Fun-A-Day: on creating while in Winter’s deathly grips

Well, we are a few days into February now and that means that Fun-A-Day 2015 is over.  For those who don’t know, Fun-A-Day is a project where people commit to doing some “fun” thing each day over the course of the month of January.  Get off to a creative start!  Keep motivated and stay productive during a month that only wishes to grind you down.  Then at the end, everyone gets to show off their projects at a group art show.  This year’s show will be Friday, February 6th through Sunday, February 8th at The Mr. Roboto Project.  (more details here).

This is the 6th or 7th year i’ve attempted to do a Fun-A-Day project and the 3rd time that I’ve successfully made it start to finish.  The other years I was successful I had done drawing projects where I had made one small (roughly 5″ square) illustration each day (see the 2009 and 2013 projects).  This year I decided that I would try to make something each day that would fit into a 1″ gumball machine pod.  I have all of these pods left over from when I bought a gumball machine for a 1″ button art show I did a couple years back.  I figured I would make 2 of each days “thing” and then for the show one would go on display and the other would go into the gumball machine so people could potentially walk away with a souvenir.  I wasn’t quite sure what I was getting myself into or what all I would end up creating.

I decided that I wanted to make my daily project from stuff just around the house using whatever tools at my disposal.  I didn’t want to buy any new materials or tools for the project.  Make do with what you got, especially since Emma and I were beginning a year of austerity after blowing through a ton of money in 2014.

A final part of the project would be that I would write up a small bit of textual accompaniment for each piece.  I imagined these as small poems, rants, mantras, etc.  In the end, many were just that, while a good number also just ended up being quotes, song lyrics and other pop culture references.

There were challenges to each stage this project and I want to talk about all of them a bit.

Choosing what things to make.  – A 1″ gumball machine pod is not very big.  Hand making something to fit inside one means choosing carefully because you only have so much room for detail.  This meant mostly picking fairly simple designs.  Of course a simple design does not mean it would be a simple thing to make.

Choosing the materials – Once you have a concept of what “thing” you want to make, you have to decide what material to use to make it.  Most of projects ended up being made out of bits of wood, but I also used wire, thin sheet metal, cloth, paper, string and even flour (see day 8 for that).  Having your “simple” design and your chosen material, now comes the next tricky part.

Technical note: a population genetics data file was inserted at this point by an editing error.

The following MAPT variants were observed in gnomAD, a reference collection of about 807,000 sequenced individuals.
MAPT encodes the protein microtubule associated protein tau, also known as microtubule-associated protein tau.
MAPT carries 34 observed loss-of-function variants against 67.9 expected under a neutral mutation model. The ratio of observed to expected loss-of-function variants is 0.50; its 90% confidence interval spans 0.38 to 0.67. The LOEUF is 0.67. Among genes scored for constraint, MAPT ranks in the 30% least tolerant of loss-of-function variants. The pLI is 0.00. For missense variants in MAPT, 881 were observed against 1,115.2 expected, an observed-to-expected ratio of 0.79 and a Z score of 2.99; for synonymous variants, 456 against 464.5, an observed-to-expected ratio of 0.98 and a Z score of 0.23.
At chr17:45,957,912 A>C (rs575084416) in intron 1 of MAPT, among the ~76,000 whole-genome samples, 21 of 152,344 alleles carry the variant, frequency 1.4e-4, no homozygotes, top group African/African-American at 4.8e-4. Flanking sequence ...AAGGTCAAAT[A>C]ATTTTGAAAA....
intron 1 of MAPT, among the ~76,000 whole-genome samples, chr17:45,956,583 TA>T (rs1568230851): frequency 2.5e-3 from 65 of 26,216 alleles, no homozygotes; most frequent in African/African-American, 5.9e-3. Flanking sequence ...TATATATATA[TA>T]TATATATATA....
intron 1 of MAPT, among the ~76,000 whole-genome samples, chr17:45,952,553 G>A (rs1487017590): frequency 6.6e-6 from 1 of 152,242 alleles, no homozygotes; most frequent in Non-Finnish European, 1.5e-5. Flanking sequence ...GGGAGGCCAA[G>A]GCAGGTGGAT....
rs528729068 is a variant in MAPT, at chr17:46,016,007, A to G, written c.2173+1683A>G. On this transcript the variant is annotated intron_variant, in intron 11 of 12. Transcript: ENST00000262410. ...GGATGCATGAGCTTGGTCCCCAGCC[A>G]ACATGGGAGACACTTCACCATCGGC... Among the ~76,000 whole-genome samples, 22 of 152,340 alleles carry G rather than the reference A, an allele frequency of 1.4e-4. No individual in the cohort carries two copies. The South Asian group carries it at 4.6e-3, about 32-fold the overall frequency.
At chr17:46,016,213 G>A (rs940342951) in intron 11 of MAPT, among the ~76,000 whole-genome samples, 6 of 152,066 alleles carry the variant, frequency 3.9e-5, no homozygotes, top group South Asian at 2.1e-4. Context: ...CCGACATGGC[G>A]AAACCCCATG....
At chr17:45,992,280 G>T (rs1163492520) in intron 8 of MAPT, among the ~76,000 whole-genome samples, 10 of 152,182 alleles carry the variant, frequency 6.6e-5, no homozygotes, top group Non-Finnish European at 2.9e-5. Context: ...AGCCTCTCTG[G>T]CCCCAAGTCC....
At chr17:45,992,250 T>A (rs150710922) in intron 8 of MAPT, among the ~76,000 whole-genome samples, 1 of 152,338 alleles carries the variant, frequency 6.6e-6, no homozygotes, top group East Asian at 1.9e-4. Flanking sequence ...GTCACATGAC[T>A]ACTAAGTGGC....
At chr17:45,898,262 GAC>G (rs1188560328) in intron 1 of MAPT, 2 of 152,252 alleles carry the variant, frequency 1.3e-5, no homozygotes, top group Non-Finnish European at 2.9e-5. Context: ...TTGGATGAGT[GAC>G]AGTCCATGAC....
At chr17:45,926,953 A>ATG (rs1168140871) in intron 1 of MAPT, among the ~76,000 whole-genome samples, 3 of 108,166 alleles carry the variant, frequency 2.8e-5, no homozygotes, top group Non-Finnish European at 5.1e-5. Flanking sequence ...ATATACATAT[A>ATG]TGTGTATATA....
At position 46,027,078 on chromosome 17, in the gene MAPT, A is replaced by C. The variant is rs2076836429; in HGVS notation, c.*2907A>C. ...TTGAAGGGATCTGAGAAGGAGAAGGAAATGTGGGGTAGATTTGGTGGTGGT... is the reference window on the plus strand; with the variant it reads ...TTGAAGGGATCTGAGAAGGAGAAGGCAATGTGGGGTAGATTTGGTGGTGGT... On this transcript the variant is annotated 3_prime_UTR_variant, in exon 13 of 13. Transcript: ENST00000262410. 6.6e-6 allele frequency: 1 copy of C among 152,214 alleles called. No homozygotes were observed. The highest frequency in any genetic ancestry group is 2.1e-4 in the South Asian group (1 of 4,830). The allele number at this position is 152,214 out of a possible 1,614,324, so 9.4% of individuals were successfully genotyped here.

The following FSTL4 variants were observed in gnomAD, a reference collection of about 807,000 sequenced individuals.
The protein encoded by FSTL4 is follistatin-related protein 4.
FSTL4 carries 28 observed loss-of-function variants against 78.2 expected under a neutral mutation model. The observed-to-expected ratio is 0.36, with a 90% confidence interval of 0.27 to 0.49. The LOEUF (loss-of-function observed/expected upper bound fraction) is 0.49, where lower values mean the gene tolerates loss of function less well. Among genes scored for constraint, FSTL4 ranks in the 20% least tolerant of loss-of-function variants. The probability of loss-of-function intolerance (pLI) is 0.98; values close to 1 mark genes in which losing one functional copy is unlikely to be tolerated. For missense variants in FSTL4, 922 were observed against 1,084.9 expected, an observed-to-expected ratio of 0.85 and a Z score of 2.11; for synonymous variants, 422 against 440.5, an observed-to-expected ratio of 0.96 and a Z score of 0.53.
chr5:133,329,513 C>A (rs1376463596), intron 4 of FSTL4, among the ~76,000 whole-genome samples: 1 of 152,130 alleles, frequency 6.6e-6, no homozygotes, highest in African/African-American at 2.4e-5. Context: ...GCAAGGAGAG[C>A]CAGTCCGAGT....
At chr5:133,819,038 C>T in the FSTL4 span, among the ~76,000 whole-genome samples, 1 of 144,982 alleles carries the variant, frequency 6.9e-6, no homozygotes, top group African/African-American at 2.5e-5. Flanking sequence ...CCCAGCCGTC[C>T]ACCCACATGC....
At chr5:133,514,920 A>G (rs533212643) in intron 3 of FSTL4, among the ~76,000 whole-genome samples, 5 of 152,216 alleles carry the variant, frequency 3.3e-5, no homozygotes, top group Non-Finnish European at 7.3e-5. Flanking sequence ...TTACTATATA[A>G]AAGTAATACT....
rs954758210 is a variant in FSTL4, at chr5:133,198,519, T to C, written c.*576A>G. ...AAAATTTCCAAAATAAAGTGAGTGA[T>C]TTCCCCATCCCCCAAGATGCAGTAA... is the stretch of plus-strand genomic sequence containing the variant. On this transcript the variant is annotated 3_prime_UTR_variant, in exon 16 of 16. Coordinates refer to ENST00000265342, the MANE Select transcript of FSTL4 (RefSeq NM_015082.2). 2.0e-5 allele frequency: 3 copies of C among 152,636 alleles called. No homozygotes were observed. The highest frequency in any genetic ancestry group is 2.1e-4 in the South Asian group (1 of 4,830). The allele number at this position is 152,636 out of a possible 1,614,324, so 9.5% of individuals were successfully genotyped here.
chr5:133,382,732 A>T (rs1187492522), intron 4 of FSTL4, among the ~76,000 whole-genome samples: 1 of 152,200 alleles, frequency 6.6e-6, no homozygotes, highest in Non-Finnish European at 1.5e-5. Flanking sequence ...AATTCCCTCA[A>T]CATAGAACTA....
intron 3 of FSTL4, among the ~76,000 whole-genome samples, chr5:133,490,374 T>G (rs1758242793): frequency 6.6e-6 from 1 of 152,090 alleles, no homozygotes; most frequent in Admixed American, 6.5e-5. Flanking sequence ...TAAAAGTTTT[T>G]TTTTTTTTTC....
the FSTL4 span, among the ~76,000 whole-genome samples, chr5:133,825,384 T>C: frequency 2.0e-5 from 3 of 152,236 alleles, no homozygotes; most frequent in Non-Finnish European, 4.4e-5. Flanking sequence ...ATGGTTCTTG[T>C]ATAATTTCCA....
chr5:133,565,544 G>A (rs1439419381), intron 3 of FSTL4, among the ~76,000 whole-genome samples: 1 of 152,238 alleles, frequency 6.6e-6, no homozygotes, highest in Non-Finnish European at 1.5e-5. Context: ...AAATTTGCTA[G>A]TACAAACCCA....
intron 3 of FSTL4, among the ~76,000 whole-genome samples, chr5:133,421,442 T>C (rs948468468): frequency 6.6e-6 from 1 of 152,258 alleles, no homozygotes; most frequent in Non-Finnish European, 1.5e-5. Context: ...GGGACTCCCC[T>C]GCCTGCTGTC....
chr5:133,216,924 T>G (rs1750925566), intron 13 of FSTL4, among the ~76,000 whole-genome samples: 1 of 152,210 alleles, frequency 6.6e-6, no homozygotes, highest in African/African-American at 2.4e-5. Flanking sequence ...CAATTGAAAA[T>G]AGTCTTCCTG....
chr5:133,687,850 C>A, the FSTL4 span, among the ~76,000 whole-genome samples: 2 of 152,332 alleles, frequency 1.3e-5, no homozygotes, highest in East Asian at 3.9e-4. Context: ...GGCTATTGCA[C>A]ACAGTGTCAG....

Finding Your Process– Once again, these gumball pods were small, so the items were small.  They required a certain nimbleness and a certain dexterity.  This was especially important considering the tools at my disposal.  Using a tablesaw to chop off tiny 1″ pieces of wood or using a Dremel tool to remove bits of wood and metal require a certain confidence.  Safety issues aside, often times attempting to make a certain cut or to drill a hole would result in the whole piece disintegrating in your hands.  Several projects (tiny forks, tiny lightbulb) were tried, had dismal results and were abandoned on one day only to be returned to on a future date when a clearer sense of process was imagined.

Writing the Accompaniment – This turned out to be more of a challenge than I had initially thought it would be.  Sometimes you had to ignore the draw of the easy joke (“More cowbell” could’ve easily have happened on Day 22) and other times you just had to go for the ridiculously obvious (Nickelback “Photograph” lyrics for Day 25).  Sometimes a rant would just naturally flow out (Day 3) and sometimes I allowed things to get ever so slightly personal (day 9).

Over the course of the month I spent a lot of time in the basement with a dremel tool in hand or a a sheet of sandpaper, slowly shaping a chunk of wood or otherwise trying how to shape tiny bits of construction detritus into some little treasure.  It’s a weird space to find yourself in – 40 years old, making tiny racecars and cinder blocks in your basement.

But ultimately this was a project about discovery, about process and about patience.  Ok, you tried that and the drill ripped the piece to shreds.  What if we try a piece of MDF instead of pine?  What if we try sanding that whole section away instead of trying to cut it off?  These often ended in the results that I wanted, or at least a closer approximation.

I’m happy to see the project to come to an end (mostly as I was beginning to run out of ideas of things to make) but each year I’m grateful that I’ve attempted the Fun-A-Day project.  After the insanity of December and the holidays, a Fun-A-Day project is a good way to remind yourself of setting aside some moments in each day for conscious experimentation and learning.  It’s very much about re-establishing a daily schedule (you need to set aside some time each day to do this project) but also without that schedule just being wake up, go to work, eat dinner, huddle under a blanket while binge-watching TV shows.  Even those years where I haven’t completed my project from New Year’s Day to the 31st, I’ve found it has been a project that has helped me keep the brain active during the deep freeze and usually sets up some ideas for the year ahead.

Check out the full set of this year’s creations here.

For more information about Fun-A-Day Pittsburgh, go here.

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